Get the rundown of what to expect with breastfeeding your newborn

Starting your breastfeeding journey can be a daunting task but knowing the basics can make things a lot easier. What happens in the first few hours? How do you get a good latch? How will you know when baby wants to eat? How will you know if they are getting enough? What supplies will you need?

Let’s Start at the Beginning

Here you are in the delivery room, you have seen your sweet baby for the first time and you’re falling more deeply in love. The biological norm is for baby to go from birth to your chest, nowhere in between unless medically necessary. This is called skin to skin and it should happen in the first moments of life and continue for several months after birth. You are so perfectly made that your chest temperature (as long as baby is in direct contact with your skin) will rise if baby gets too cool and fall if they get to hot. How awesome is that? Skin to skin will also give baby access to your breast for their first feed.

You know how your areolas got darker during your pregnancy? When babies are born they can mostly see the contrast between dark and light, this darkening allows baby to know where to go to find your breast. Baby will have the ability to bob their head up and down, push with their feet (this also helps your uterus to contract and get back to normal) and use their hands to crawl. All they will need is a little support while they latch themselves on. You’ll be multi-tasking at this point because you’ll be delivering the placenta at the same time. You are so amazing!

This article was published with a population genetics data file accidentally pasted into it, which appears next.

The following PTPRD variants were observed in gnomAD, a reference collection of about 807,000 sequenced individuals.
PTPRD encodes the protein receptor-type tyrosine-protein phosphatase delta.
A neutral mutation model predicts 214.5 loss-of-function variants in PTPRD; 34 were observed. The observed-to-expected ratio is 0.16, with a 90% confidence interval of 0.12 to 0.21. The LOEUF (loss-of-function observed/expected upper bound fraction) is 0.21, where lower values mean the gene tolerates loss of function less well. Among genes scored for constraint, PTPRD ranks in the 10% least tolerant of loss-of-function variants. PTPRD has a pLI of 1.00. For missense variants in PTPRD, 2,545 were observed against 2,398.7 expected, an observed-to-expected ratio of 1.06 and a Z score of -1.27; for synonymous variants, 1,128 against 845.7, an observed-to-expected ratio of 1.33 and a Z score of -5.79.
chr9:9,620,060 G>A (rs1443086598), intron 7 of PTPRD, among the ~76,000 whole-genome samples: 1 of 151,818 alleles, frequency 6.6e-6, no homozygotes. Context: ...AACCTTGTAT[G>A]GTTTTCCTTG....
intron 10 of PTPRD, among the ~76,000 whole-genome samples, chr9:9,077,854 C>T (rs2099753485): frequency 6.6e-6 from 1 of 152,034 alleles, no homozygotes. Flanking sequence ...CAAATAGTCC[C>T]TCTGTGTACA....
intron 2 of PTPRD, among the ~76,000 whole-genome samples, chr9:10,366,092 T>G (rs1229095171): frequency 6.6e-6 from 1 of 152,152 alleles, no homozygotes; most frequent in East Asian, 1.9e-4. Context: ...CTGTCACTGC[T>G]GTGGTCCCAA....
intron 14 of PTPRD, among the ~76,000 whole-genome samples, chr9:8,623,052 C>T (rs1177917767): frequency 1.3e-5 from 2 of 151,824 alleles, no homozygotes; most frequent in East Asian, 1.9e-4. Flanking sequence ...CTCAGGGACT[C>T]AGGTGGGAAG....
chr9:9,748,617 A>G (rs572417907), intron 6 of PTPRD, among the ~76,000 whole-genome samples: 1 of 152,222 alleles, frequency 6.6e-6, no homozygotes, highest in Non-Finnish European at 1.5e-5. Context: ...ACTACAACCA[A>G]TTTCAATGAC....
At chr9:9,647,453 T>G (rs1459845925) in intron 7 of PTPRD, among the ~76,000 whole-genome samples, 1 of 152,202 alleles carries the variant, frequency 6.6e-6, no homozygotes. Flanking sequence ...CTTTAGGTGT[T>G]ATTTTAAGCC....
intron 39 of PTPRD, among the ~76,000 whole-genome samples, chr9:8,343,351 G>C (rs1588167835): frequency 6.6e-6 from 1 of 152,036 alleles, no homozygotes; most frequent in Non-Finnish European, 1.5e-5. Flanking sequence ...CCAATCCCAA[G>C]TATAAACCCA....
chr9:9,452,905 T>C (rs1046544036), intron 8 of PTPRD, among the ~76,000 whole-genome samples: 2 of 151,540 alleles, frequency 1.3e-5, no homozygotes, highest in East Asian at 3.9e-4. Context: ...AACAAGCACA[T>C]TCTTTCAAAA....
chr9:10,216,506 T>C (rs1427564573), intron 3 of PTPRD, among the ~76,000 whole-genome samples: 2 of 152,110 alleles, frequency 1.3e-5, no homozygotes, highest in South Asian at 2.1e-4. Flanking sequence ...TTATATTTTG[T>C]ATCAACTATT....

What Exactly is a “Latch”?

You’ll hear this term ALL the time now that your baby has arrived. The latch is the way baby’s mouth attaches to your breast. Believe it or not, it shouldn’t hurt….for very long. In the first day or two there can be some pain for the first few seconds of the feeding, but any pain that lasts longer than seconds or persists between feedings is not okay. Pain that lasts more than a few seconds is a sign that the latch is incorrect. You can watch this video by Global Health Media, to show you how to achieve a proper latch and what needs to happen on the inside of baby’s mouth for it not to hurt. https://globalhealthmedia.org/portfolio-items/attaching-your-baby-at-the-breast/

Pain during feeding is most likely a positioning issue. Do not wait to get help! Your nurses at the hospital or your midwife and assistant should be able to guide you in correct positioning. Just remember that, when you look down at the baby while they are feeding, you should see their ear, shoulder and hip all in a straight line.

Is My Baby Getting Enough?

One of the consistent concerns for new families who choose breastfeeding: how to know if baby is getting enough. That concern stems from not being able to count the ounces baby eats, but there are things you can count to assure that baby is getting enough:

  • The ounces baby gains
  • The amount of bowel movements
  • Wet diapers baby has each day

Keeping an eye on those three things will give you a clear idea of milk transfer. Baby should have at least six very wet diapers and four bowel movements larger than a half dollar after the first week and gain about an ounce a day for the first couple of months.

How will I Know my Baby is Hungry?